The transactional data kept by ARCOS is highly detailed. It includes the name, DEA registration number, address and business activity of every seller and buyer of a controlled substance in the United States. The database also includes drug codes, transaction dates, and total dosage units and grams of narcotics sold.
The data tracks a dozen different opioids, including oxycodone and hydrocodone, which make up three-quarters of the total pill shipments to pharmacies.
Under federal law, drug manufacturers, distributors and pharmacies must report each transaction of a narcotic to the DEA, where it is logged into the ARCOS database. If company officials notice orders of drugs that appear to be suspicious because of their unusual size or frequency, they must report those sales to the DEA and hold back the shipments.
As more and more towns and cities became inundated by pain pills, they fought back. They filed federal lawsuits against the drug industry, alleging that opioids from the companies were devastating their communities. They alleged the companies not only failed to report suspicious orders, but they also filled those orders to maximize profits.
As the hundreds of lawsuits began to pile up, they were consolidated into the one centralized case in U.S. District Court in Cleveland. The opioid litigation is now larger in scope than the tobacco litigation of the 1980s, which resulted in a $246 billion settlement over 25 years.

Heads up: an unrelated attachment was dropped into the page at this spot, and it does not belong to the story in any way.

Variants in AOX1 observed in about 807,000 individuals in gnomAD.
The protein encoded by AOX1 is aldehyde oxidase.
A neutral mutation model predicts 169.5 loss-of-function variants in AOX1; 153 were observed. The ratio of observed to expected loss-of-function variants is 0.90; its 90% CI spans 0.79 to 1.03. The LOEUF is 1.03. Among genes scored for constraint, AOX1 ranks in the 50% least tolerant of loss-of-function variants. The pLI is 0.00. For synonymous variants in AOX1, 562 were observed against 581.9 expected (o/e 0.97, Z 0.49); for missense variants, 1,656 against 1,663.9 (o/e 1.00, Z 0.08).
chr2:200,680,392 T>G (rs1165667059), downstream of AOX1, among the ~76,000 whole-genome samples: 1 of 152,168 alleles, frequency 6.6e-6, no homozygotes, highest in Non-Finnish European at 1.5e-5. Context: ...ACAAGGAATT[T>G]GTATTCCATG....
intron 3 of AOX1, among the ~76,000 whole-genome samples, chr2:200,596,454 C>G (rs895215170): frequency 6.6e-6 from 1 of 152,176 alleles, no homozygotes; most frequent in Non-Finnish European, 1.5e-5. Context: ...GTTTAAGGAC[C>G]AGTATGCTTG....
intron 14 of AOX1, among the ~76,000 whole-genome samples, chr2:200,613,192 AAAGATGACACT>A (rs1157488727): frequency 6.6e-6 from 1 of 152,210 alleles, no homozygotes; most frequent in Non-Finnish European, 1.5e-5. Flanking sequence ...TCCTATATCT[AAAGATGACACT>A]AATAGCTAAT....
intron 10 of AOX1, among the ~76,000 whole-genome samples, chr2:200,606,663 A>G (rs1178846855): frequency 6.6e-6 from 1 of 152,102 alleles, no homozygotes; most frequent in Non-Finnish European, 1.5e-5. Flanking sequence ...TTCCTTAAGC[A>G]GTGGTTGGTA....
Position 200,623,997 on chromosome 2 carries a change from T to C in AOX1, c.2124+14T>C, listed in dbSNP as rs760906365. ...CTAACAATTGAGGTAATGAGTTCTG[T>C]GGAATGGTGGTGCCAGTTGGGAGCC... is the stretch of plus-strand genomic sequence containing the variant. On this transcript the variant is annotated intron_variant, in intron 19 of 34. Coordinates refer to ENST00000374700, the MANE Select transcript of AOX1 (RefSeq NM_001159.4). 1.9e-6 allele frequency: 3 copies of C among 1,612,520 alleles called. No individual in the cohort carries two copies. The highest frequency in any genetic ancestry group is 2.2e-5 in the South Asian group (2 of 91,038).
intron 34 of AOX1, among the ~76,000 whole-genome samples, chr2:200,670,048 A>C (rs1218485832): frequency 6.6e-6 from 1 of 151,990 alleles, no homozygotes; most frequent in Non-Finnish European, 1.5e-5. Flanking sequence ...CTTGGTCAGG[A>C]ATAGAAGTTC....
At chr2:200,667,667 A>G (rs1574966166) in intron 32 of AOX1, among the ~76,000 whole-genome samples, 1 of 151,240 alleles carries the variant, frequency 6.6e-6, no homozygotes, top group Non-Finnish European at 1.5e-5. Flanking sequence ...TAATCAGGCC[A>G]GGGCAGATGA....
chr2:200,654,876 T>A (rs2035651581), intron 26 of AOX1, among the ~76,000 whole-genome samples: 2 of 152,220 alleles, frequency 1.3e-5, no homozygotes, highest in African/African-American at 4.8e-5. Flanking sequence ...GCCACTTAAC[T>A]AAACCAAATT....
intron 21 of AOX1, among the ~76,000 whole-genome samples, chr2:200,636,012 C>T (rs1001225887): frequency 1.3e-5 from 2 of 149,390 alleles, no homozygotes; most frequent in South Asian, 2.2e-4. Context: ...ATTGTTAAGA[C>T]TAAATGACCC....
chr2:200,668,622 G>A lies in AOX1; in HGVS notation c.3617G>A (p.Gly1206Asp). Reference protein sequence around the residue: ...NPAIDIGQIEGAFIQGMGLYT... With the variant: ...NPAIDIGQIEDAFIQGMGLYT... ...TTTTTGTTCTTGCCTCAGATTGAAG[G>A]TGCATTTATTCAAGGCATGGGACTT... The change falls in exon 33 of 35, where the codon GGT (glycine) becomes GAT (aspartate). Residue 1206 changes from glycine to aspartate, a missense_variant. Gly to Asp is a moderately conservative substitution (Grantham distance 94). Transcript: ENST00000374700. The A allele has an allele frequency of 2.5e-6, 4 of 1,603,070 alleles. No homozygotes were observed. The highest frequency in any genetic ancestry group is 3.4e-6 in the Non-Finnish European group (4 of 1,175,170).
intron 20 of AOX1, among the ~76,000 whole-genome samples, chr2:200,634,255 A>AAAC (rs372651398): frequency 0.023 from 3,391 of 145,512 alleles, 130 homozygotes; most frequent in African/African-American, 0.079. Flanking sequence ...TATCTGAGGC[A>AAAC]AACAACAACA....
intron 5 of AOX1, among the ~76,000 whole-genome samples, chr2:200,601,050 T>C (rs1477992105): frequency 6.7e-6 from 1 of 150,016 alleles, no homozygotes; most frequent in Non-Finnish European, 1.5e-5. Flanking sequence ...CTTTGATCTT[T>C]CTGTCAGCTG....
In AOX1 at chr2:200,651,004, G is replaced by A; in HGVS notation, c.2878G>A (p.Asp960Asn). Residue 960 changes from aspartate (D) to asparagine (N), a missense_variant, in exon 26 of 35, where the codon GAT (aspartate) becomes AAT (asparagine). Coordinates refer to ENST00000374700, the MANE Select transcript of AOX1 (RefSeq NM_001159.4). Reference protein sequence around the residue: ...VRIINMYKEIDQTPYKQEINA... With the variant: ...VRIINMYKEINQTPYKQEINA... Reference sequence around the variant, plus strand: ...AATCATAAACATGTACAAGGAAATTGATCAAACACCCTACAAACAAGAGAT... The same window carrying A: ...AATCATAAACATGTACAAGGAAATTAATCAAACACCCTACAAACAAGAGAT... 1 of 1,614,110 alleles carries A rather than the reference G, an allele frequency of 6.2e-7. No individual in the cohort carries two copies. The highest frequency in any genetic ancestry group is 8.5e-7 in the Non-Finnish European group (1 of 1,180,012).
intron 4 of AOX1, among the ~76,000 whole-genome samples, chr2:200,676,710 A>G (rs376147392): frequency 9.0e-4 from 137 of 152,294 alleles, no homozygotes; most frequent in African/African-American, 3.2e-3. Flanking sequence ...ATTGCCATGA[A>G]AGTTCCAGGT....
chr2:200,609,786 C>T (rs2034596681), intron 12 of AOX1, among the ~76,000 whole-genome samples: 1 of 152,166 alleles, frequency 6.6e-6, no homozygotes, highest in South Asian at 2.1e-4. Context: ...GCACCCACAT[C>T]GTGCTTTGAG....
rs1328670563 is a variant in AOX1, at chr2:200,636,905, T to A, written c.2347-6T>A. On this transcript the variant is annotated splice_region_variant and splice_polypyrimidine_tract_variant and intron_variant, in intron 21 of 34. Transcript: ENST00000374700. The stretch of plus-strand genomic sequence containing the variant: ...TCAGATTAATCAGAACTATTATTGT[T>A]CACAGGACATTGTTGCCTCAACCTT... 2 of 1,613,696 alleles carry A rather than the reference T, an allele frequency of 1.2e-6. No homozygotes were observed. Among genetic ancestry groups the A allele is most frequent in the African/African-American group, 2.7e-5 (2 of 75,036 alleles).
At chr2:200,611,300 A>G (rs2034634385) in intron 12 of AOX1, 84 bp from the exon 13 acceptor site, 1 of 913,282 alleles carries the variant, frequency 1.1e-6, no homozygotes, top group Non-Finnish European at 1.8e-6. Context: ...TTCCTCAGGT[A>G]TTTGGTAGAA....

Judge Polster is now overseeing the consolidated case of nearly 2,000 lawsuits. The case is among a wave of actions that includes other lawsuits filed by more than 40 state attorneys general and tribal nations. In May, Purdue settled with the Oklahoma attorney general for $270 million.
In the Cleveland case, Polster has been pressing the drug companies and the plaintiffs to reach a global settlement so communities can start receiving financial assistance to mitigate the damage that has been done by the opioid epidemic.
To facilitate a settlement, Polster had permitted the drug companies and the towns and cities to review the ARCOS database under a protective order while barring public access to the material. He also permitted some court filings to be made under seal and excluded the public and press from a global settlement conference at the outset of the case.
In June 2018, The Post and the Charleston Gazette-Mail asked Polster to lift the protective order covering the ARCOS database and the court filings. A month later, Polster denied the requests, even though he had said earlier that "the vast oversupply of opioid drugs in the United States has caused a plague on its citizens" and the ARCOS database reveals "how and where the virus grew." He also said disclosure of the ARCOS data "is a reasonable step toward defeating the disease."
Lawyers for The Post and the Gazette-Mail appealed Polster's ruling. They argued that the ARCOS material would not harm companies or investigations because the judge had already decided to allow the local government plaintiffs to collect information from 2006 through 2014, withholding the most recent years beginning with 2015 from the lawsuit.
"Access to the ARCOS Data can only enhance the public's confidence that the epidemic and the ensuing litigation are being handled appropriately now - even if they might not have been handled appropriately earlier," The Post's lawyer Karen Lefton wrote in her Jan. 17 appeal.